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Disease Burden in Osteoarthritis Is Similar to Rheumatoid Arthritis

Osteoarthritis (OA) has traditionally been viewed as a highly prevalent but milder condition when compared with rheumatoid arthritis (RA), and some may believe that it is part of a normal aging process requiring acceptance, not treatment. A new study in Arthritis & Rheumatology indicates that OA and RA have similar impacts or burdens on patients when they first visit rheumatologists, however.

Wednesday, March 20, 2019 12:01 am EDT
"Our results appear to indicate an urgent need for improved treatments and strategies for prevention of osteoarthritis."

Osteoarthritis (OA) has traditionally been viewed as a highly prevalent but milder condition when compared with rheumatoid arthritis (RA), and some may believe that it is part of a normal aging process requiring acceptance, not treatment. A new study in Arthritis & Rheumatology indicates that OA and RA have similar impacts or burdens on patients when they first visit rheumatologists, however.

Also, after treatment, OA was associated with a higher burden of disease than RA, indicating that treatment leads to significant improvements in patients with RA compared with those with OA.

The study included 149 patients with OA and 203 patients with RA who completed a health assessment questionnaire at multiple visits.

“This new information may have important implications for public health and control of healthcare costs. Osteoarthritis is one of the three most common health conditions in the US population, at least 20 times more common than rheumatoid arthritis, and has been estimated to involve costs of 1 percent of the gross domestic product,” said senior author Dr. Theodore Pincus, of Rush University Medical Center, in Chicago. “Our results appear to indicate an urgent need for improved treatments and strategies for prevention of osteoarthritis.”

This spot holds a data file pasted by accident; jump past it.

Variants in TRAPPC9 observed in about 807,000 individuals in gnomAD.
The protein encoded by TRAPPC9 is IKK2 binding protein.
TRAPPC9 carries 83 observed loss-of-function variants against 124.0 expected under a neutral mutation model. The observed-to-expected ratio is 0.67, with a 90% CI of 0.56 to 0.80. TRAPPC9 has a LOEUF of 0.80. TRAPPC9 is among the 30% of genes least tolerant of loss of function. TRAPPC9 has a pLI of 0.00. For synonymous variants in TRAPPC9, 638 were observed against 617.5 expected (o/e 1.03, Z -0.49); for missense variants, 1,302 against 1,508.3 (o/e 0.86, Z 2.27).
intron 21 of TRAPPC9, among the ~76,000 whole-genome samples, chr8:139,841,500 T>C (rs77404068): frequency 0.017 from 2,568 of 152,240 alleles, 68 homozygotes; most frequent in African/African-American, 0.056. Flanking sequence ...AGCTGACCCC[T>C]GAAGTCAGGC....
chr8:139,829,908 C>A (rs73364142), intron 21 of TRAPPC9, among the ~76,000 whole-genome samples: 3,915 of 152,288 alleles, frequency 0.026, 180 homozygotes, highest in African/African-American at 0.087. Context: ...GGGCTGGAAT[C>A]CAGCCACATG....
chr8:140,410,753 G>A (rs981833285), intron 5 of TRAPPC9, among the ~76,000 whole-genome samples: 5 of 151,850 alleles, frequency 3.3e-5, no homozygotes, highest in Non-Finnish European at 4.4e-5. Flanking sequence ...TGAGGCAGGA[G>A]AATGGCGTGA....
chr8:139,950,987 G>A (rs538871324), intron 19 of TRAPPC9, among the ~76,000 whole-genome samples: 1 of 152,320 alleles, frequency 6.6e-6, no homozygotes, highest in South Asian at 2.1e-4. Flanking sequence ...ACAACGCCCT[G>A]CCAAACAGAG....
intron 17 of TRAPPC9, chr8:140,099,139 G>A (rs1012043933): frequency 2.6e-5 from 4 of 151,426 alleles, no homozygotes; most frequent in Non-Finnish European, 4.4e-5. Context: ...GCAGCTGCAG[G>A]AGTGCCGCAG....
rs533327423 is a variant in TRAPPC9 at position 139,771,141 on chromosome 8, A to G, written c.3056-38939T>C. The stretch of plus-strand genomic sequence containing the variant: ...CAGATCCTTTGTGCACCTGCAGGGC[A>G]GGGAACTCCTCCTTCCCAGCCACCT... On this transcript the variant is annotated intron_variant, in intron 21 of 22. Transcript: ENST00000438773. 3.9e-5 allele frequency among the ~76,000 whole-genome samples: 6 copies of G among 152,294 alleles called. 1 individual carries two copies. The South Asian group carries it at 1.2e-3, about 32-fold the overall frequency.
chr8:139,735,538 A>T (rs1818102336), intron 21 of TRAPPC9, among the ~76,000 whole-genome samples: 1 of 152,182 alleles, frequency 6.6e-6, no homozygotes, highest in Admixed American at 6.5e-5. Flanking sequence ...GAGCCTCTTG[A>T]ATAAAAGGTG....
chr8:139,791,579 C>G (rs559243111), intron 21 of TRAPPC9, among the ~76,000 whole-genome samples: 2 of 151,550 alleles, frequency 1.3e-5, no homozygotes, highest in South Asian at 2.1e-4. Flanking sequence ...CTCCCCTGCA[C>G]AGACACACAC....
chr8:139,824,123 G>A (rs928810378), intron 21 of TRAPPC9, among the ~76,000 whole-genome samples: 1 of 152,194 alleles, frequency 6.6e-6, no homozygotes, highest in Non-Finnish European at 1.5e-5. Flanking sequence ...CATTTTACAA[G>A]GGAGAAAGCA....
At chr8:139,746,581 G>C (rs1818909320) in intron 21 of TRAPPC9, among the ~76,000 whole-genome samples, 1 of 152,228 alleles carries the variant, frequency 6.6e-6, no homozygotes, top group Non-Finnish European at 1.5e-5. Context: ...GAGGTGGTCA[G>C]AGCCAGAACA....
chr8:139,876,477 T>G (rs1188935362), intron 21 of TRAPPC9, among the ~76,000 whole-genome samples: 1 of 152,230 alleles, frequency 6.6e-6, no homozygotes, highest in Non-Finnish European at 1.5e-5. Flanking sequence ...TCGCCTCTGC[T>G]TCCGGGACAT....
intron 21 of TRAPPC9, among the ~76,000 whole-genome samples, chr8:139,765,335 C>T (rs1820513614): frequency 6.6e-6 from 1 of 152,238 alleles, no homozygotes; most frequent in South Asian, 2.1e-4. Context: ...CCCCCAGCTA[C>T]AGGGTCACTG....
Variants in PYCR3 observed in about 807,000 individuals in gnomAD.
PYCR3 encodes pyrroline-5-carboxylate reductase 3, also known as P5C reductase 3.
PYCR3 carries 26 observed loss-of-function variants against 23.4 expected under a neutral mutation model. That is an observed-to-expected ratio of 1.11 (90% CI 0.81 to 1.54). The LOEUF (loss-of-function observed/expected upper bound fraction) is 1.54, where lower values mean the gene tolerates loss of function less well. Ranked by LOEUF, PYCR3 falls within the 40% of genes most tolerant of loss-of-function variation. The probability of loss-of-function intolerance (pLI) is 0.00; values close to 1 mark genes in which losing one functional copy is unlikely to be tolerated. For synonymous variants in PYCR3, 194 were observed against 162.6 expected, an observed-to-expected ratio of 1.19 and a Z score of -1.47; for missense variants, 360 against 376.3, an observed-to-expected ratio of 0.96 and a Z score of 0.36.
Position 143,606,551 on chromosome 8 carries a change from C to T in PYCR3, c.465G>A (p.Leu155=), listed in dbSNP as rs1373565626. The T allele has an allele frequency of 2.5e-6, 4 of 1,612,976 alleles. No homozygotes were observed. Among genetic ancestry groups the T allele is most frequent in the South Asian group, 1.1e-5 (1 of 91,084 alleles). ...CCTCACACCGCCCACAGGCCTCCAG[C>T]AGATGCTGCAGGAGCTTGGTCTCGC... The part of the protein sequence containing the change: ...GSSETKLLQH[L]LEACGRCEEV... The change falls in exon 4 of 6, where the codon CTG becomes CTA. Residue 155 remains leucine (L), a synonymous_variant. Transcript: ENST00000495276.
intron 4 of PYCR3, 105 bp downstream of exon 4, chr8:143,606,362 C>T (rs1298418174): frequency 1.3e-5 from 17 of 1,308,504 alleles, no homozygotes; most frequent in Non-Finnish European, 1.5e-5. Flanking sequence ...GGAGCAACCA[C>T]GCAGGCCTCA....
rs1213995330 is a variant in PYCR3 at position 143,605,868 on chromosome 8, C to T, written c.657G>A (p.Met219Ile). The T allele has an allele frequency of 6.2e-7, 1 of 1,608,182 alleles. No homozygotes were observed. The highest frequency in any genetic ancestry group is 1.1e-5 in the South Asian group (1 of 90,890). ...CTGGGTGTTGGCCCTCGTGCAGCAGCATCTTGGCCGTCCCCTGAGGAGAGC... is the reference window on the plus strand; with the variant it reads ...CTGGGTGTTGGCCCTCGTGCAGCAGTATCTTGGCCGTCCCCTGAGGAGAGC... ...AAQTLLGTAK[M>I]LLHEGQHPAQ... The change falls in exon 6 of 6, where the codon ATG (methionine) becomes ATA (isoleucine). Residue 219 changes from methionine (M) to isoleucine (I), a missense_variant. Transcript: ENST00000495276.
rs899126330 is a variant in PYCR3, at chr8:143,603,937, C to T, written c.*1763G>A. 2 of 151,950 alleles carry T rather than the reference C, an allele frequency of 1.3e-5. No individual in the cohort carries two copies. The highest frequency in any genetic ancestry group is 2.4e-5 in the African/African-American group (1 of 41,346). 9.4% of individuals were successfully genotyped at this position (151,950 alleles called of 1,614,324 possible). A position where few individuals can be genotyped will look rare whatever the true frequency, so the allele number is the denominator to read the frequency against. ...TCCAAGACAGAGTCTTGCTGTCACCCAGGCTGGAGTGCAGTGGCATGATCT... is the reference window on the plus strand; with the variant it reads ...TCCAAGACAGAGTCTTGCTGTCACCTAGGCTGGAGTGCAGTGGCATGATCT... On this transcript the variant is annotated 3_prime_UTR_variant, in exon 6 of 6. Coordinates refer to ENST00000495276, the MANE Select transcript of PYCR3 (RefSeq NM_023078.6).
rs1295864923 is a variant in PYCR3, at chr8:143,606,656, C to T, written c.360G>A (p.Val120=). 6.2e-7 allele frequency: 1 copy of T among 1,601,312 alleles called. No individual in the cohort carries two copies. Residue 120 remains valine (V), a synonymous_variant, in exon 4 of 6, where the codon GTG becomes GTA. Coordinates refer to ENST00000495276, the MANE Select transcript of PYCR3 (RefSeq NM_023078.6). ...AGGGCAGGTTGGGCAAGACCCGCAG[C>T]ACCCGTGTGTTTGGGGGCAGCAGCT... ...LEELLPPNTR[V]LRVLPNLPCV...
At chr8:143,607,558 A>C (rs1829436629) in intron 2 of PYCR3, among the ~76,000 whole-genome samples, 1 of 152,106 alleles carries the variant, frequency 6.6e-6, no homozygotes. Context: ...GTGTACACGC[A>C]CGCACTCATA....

Additional Information

Link to Study: https://onlinelibrary.wiley.com/doi/abs/10.1002/art.40869

About Journal 

Arthritis & Rheumatology, an official journal of the American College of Rheumatology, is a peer-reviewed publication for scientists and clinicians interested in the natural history, pathophysiology, treatment, and outcome of the rheumatic diseases. Arthritis & Rheumatology publishes the highest quality basic and clinical research related to the rheumatic diseases, encompassing a wide range of areas of investigative activity. In addition, the journal publishes review articles, editorials, and other educational material intended for both researchers and clinicians. Serving the worldwide community of rheumatology investigators and clinicians, Arthritis & Rheumatology is known internationally as a top rheumatology research journal.

About Wiley

Wiley is a global leader in research and education. Our online scientific, technical, medical, and scholarly journals, and our digital learning, assessment, certification and student-lifecycle services and solutions help universities, academic societies, businesses, governments and individuals to achieve their academic and professional goals. For more than 200 years, we have delivered consistent performance to our stakeholders. The Company's website can be accessed at www.wiley.com.

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